A somewhat surprising catch

Let’s get straight to it. Here’s an example of something that I found somewhat surprising in Haskell. First a bit of setup:

printNum n = putStrLn $ "num: " ++ (show n)

handleE e = do
    putStrLn $ "Caught something: " ++ (show e)
    return (-1)

errorP = fromMaybe (error "Got Nothing")

And here it is, in ghci:

> CE.catch (return $ errorP Nothing ) handleE >>= printNum
num: *** Exception: Got Nothing

And to show that things are lazy we change handleE:

handleE e = do
    putStrLn $ "Caught something: " ++ (show e)
    return []

Then we can map errorP onto a list like this:

> CE.catch (return $ map errorP [Just 17, Just 42, Nothing, Just 666]) handleE
[17,42,*** Exception: Got Nothing

In neither cas I saw the behaviour I was expecting. A chat on IRC showed that others see this as natural behaviour, explained by laziness. It wasn’t until a night’s sleep that I realised that there still was something that bothered me about that explanation. Another explanation would be that catch isn’t special. At first I didn’t realise I expected it to be special; I expected it to somehow wrap the evaluation of its first argument so that no matter when it was evaluated any exception raised would be caught. As far as I can see this would be no small feat if laziness is to be preserved. It would require catch to be special.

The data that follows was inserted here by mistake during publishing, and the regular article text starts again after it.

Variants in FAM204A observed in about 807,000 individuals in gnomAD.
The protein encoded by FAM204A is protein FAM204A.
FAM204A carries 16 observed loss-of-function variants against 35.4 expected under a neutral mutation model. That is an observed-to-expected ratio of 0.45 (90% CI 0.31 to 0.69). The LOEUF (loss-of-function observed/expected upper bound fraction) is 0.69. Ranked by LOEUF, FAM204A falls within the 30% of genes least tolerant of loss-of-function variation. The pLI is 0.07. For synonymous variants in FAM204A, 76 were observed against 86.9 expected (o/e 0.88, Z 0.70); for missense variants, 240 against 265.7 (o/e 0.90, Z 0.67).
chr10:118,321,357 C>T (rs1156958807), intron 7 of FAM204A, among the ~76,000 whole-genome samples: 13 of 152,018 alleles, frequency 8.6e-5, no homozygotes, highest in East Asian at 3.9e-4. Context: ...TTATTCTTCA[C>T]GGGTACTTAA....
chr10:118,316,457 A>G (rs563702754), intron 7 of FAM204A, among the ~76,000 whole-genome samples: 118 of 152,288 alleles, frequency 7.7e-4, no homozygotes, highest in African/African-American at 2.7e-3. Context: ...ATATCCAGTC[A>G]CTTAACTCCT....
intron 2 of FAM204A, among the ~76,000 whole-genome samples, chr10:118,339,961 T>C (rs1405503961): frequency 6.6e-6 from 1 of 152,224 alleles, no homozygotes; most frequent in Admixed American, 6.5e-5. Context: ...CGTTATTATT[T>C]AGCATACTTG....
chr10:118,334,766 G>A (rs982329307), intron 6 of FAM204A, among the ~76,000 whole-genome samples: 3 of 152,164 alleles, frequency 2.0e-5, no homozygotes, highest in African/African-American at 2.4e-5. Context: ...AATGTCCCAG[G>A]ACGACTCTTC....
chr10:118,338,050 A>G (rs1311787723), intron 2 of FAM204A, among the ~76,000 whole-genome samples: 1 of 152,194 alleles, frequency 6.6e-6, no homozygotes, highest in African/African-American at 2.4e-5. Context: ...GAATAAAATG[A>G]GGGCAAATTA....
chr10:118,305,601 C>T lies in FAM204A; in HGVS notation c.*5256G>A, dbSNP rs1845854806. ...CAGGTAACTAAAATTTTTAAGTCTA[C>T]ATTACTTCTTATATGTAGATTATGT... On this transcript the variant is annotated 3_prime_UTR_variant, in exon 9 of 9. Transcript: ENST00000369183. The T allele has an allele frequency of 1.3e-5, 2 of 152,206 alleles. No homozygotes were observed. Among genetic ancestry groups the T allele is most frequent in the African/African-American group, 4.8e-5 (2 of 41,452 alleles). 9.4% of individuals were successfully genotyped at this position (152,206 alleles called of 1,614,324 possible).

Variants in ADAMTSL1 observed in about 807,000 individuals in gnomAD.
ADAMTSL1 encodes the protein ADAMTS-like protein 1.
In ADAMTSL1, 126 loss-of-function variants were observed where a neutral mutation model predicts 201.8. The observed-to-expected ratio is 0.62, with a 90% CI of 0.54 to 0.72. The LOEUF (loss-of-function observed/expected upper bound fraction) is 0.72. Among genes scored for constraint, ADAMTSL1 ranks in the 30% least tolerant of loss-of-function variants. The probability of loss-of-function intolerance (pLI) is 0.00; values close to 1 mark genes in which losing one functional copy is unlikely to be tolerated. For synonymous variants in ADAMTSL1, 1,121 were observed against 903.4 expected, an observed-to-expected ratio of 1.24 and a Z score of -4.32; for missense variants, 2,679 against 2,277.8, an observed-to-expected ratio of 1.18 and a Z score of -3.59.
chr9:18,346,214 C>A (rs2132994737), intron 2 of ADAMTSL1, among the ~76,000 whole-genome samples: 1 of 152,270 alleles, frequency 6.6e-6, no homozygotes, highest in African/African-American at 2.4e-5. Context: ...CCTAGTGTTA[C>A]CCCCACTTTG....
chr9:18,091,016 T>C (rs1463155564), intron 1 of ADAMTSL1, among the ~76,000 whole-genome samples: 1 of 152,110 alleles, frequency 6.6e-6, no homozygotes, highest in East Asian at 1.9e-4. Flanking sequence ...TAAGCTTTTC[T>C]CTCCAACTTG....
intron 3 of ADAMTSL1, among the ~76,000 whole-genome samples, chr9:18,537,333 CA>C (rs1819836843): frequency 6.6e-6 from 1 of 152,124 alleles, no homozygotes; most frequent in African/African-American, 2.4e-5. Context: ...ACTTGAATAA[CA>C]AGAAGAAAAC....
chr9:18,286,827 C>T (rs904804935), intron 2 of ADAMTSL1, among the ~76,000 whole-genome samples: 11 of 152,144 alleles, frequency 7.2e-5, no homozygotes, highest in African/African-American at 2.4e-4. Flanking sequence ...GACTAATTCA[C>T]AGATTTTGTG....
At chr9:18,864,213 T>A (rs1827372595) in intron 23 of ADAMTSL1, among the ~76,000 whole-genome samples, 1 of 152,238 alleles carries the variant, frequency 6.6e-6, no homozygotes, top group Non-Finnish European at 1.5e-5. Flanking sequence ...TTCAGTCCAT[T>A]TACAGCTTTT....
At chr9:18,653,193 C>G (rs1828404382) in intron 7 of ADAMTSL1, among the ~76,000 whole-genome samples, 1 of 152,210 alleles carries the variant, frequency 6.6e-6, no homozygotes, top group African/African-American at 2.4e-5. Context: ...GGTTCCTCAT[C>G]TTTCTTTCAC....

So, what does this mean in practice? Well, here are my thoughts. One needs to think carefully about where using catch makes sense in a program. It has to be inside IO, a well-documented fact, but it also has to cover something that isn’t lazy since it then will have no effect at all. My gut feeling is that catch is useful “in the large”, with that I mean as a sort of catch-all “high up” in the program, e.g. in main. That means its usefulness in libraries is limited (except for IO heavy libs, like FFI bindings to C), it should also probably not be used like try-catch often is used in Python.

I’ve since taken a look at the ErrorT monad transformer and it seems it behaves like I expected catch to. That’s for another post though.

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